What are scope 3 emissions, how can organisations measure them, and what benefits do they offer?
What are scope 3 emissions?
Scope 3 emissions are a category of greenhouse gas emissions that represent all the indirect emissions that occur in a company’s value chain, outside of its own operations. These emissions occur as a result of a company’s suppliers, customers, and other business partners, as well as the use and disposal of its products.
The category usually makes up a significant portion of a company’s overall carbon footprint – sometimes more than 70%. Therefore, addressing scope 3 can be challenging, often requiring collaboration and coordination with external stakeholders throughout the value chain.
Alongside indirect emissions are scope 1, which covers direct emissions from owned or controlled sources and scope 2 that covers indirect emissions from the generation of purchased electricity, steam, heating and cooling consumed by the company.
You can learn more about emission scoping in our explainer on what are scope 1 2 3 emissions.
What is an example of scope 3 emissions?
Because scope 3 carbon emissions cover every aspect of a businesses value chain, there are plenty of examples to pick from:
- Purchased goods and services
- Upstream transportation and downstream distribution
- Business travel
- Employee commuting
Why should organisations measure their emissions?
Measuring scope 3 emissions comes with several benefits. Because most companies emissions fall into this category, the majority of improvements can be found there.
By measuring these emissions, organisations can:
- See cost savings: Identifying and reducing scope 3 emissions can lead to significant cost savings for companies. This can include optimising, or ‘trimming’ supply chains, reducing waste, and improving energy efficiency.
- Gain a competitive and reputational advantage: Measuring scope 3 emissions and implementing strategies to reduce them can lead to companies gaining a competitive edge with value-driven consumers and investors by demonstrating their commitment to sustainability by reducing their environmental impact.
- Achieve compliance: For some companies, measuring and reporting scope 3 emissions may be necessary to comply with regulations and standards related to greenhouse gas emissions reporting and sustainability disclosures.
- Risk management: Understanding and reducing scope 3 emissions can help companies identify and mitigate potential supply chain risks. The recent Covid-19 pandemic illustrates how global events can disrupt unprepared supply chains and bring businesses to a halt. Additionally, as the regulatory landscape is always subject to change, the scope of companies required to disclose on emissions will increase, companies can take proactive measures now to prepare for such changes.
Where should companies begin?
Measuring and reducing scope 3 emissions is far more challenging than scope 1 & 2, this is because the category is so broad, but also due to the fact that many sources are not within the company’s purview.
There are two ways to measure your scope 3 emissions:
- You can work with third-party providers
- You can record it yourself
Using third-party software
There has been an upsurge in start-ups and other companies pivoting to provide this vital function, as companies seek to account for and reduce their emissions.
Partnering with a third-party provider can help you quickly get started and give you assurance that you are addressing the problem in the most effective way possible. This will often come at a cost, but working with experts is likely to save money in the long run as you’re able to avoid the pitfalls such as measuring the wrong sources or collating unreliable and unusable data.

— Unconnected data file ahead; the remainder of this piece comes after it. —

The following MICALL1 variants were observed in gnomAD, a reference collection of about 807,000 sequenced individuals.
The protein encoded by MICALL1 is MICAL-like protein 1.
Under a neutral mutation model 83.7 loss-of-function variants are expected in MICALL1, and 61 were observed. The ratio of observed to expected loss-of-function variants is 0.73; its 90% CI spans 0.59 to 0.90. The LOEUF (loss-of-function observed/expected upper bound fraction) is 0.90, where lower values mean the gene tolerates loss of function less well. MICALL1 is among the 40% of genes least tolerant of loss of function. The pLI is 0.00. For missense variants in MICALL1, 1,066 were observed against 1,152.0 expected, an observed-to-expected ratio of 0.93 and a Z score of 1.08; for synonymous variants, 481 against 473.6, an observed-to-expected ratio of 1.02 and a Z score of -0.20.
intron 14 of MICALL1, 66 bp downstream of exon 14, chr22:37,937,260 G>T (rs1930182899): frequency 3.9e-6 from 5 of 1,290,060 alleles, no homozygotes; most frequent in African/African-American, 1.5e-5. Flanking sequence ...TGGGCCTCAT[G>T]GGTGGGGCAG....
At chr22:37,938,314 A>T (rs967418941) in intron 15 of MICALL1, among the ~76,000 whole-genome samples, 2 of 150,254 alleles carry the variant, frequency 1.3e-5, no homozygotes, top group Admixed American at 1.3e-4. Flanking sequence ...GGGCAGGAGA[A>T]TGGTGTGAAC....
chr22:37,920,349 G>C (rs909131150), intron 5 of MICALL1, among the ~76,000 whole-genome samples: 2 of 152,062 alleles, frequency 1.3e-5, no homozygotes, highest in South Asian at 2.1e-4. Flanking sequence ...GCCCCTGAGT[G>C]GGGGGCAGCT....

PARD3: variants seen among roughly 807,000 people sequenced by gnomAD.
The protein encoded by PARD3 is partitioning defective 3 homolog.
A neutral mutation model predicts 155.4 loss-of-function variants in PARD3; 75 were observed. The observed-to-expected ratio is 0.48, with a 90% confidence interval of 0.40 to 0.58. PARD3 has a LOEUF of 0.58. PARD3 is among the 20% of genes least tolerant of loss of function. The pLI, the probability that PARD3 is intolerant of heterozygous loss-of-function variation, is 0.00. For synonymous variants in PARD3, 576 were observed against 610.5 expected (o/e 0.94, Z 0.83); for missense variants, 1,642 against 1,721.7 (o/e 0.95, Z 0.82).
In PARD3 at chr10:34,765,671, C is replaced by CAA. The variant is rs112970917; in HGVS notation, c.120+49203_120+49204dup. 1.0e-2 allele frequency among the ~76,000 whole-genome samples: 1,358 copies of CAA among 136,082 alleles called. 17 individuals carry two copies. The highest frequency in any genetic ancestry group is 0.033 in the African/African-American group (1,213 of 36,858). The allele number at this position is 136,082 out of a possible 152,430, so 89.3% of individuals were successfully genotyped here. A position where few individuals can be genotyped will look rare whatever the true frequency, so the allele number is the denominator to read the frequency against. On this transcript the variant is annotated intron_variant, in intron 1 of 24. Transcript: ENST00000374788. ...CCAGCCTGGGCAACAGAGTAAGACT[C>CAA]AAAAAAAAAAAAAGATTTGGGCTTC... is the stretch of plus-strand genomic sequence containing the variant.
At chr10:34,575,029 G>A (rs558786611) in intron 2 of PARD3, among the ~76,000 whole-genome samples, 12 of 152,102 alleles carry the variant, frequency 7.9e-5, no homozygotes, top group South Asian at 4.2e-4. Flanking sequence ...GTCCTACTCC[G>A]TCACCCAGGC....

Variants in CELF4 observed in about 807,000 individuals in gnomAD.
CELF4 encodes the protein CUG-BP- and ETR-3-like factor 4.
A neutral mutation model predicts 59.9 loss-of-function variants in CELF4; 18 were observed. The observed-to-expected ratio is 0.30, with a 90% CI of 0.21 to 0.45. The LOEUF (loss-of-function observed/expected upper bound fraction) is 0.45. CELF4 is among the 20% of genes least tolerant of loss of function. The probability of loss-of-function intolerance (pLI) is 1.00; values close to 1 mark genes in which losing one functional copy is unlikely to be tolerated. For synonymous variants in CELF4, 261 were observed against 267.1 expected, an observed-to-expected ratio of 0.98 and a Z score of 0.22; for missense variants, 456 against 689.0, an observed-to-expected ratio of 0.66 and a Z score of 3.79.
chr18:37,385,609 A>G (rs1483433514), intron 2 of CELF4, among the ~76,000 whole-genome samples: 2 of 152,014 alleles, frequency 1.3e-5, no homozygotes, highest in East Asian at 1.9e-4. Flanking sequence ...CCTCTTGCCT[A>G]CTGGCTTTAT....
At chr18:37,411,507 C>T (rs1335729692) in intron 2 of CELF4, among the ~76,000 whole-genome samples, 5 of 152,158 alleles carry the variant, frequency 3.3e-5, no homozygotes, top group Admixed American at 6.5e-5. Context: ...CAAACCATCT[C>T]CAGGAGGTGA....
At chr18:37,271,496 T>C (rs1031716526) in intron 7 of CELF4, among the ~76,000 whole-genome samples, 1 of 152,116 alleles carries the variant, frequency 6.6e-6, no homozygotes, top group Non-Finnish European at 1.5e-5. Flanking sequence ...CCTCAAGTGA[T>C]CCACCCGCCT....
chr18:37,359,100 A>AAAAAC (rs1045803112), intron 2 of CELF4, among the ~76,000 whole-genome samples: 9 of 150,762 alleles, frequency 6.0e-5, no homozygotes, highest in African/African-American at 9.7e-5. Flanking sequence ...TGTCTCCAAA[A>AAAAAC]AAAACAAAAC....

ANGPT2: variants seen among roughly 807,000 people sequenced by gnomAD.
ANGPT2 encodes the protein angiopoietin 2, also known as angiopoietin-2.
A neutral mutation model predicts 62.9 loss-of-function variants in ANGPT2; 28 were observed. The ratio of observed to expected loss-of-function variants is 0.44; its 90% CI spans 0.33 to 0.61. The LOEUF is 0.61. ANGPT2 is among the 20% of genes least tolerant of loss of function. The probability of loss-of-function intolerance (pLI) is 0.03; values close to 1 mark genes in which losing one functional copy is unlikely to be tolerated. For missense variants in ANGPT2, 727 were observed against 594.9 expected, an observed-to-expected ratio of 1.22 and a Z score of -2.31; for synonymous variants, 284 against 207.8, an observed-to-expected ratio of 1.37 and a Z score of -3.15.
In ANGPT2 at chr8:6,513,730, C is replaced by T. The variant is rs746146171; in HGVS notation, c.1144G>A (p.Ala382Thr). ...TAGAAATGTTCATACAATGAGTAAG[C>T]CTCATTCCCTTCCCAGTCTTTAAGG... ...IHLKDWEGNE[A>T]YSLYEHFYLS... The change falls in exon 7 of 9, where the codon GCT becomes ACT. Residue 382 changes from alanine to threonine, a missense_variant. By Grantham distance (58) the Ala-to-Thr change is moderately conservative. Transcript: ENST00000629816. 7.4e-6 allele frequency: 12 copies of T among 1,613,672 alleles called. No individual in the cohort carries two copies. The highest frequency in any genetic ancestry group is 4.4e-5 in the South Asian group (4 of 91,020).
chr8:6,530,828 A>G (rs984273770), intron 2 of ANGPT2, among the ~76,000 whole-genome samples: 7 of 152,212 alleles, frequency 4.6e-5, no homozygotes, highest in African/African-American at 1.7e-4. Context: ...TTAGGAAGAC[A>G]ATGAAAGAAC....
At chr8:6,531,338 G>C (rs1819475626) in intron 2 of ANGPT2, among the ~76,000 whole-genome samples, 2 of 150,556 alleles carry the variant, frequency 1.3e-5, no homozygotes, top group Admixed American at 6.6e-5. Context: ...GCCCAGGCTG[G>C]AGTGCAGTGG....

Finding the right accounting software depends on your business, as some will cater to small and medium-sized (SME) businesses, and others to enterprise-level organisations.
Greenly, in particular, has curated a useful list of the top five companies in this industry to look out for.
Measuring scope 3 emissions yourself
Measuring scope 1 and 2 emissions can be a relatively straightforward process. You can collect data such as energy bills, fuel consumption records and business travel logs, which are often readily available and can provide a comprehensive overview of your business’s emissions.
However, now you know what scope 3 emissions are, you can imagine that measuring them is more ambitious.
Step 1 – First, you will need to determine the boundaries of your scope 3 by identifying the sources of emissions within your business operations that sit outside of scope 1 and 2, this could be a very comprehensive list. You may encounter sources from upstream suppliers, end-user customers and other relevant stakeholders throughout your value chain.
Step 2 – Once you know where your scope 3 emissions sources mainly lie, you’ll need to begin collecting data to understand the amount produced from each one. This will require working with partners to understand their own emissions (which might be unknown) and assessing the emissions associated with the use of your products or services by the end consumer. Whilst third-party software may rely on global carbon accounting standards to produce accurate results, you may struggle to know if the information you’ve collated is reliable.
Step 3 – Once you have gathered all the necessary data, you can start to analyse the results and begin developing a plan to reduce emissions throughout your value chain.
Step 4 – Emission accounting and reduction is a continuous process. It is crucial to continually monitor changes in your emissions to determine the effectiveness of your plan and continually identify areas for improvement.
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